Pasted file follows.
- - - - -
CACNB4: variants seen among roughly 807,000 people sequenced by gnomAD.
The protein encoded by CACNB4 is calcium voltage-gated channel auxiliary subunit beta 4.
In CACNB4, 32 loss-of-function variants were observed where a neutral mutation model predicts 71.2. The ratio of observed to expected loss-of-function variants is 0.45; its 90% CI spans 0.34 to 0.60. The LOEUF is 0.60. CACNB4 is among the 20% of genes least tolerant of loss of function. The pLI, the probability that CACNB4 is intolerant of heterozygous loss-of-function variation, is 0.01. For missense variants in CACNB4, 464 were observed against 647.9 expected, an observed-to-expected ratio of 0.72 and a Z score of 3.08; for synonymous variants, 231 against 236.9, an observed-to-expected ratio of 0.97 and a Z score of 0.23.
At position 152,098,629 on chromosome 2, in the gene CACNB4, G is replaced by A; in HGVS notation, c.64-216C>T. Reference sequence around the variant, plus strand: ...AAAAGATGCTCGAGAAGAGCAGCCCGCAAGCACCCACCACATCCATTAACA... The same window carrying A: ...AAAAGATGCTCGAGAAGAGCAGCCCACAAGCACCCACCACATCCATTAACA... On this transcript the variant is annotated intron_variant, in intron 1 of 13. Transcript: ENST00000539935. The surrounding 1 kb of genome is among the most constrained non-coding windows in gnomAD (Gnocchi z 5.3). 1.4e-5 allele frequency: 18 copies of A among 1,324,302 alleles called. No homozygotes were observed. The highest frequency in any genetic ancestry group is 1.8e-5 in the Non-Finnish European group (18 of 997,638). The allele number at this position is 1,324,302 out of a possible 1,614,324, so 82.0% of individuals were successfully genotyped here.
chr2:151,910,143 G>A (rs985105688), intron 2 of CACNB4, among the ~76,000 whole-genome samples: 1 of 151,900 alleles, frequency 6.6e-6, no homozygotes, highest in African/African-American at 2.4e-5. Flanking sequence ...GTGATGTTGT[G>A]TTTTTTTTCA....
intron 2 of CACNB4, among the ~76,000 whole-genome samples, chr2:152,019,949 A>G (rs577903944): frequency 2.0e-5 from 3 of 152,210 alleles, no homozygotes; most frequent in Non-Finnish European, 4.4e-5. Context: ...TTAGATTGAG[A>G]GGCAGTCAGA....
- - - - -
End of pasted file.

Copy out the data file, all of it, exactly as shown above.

CACNB4: variants seen among roughly 807,000 people sequenced by gnomAD.
The protein encoded by CACNB4 is calcium voltage-gated channel auxiliary subunit beta 4.
In CACNB4, 32 loss-of-function variants were observed where a neutral mutation model predicts 71.2. The ratio of observed to expected loss-of-function variants is 0.45; its 90% CI spans 0.34 to 0.60. The LOEUF is 0.60. CACNB4 is among the 20% of genes least tolerant of loss of function. The pLI, the probability that CACNB4 is intolerant of heterozygous loss-of-function variation, is 0.01. For missense variants in CACNB4, 464 were observed against 647.9 expected, an observed-to-expected ratio of 0.72 and a Z score of 3.08; for synonymous variants, 231 against 236.9, an observed-to-expected ratio of 0.97 and a Z score of 0.23.
At position 152,098,629 on chromosome 2, in the gene CACNB4, G is replaced by A; in HGVS notation, c.64-216C>T. Reference sequence around the variant, plus strand: ...AAAAGATGCTCGAGAAGAGCAGCCCGCAAGCACCCACCACATCCATTAACA... The same window carrying A: ...AAAAGATGCTCGAGAAGAGCAGCCCACAAGCACCCACCACATCCATTAACA... On this transcript the variant is annotated intron_variant, in intron 1 of 13. Transcript: ENST00000539935. The surrounding 1 kb of genome is among the most constrained non-coding windows in gnomAD (Gnocchi z 5.3). 1.4e-5 allele frequency: 18 copies of A among 1,324,302 alleles called. No homozygotes were observed. The highest frequency in any genetic ancestry group is 1.8e-5 in the Non-Finnish European group (18 of 997,638). The allele number at this position is 1,324,302 out of a possible 1,614,324, so 82.0% of individuals were successfully genotyped here.
chr2:151,910,143 G>A (rs985105688), intron 2 of CACNB4, among the ~76,000 whole-genome samples: 1 of 151,900 alleles, frequency 6.6e-6, no homozygotes, highest in African/African-American at 2.4e-5. Flanking sequence ...GTGATGTTGT[G>A]TTTTTTTTCA....
intron 2 of CACNB4, among the ~76,000 whole-genome samples, chr2:152,019,949 A>G (rs577903944): frequency 2.0e-5 from 3 of 152,210 alleles, no homozygotes; most frequent in Non-Finnish European, 4.4e-5. Context: ...TTAGATTGAG[A>G]GGCAGTCAGA....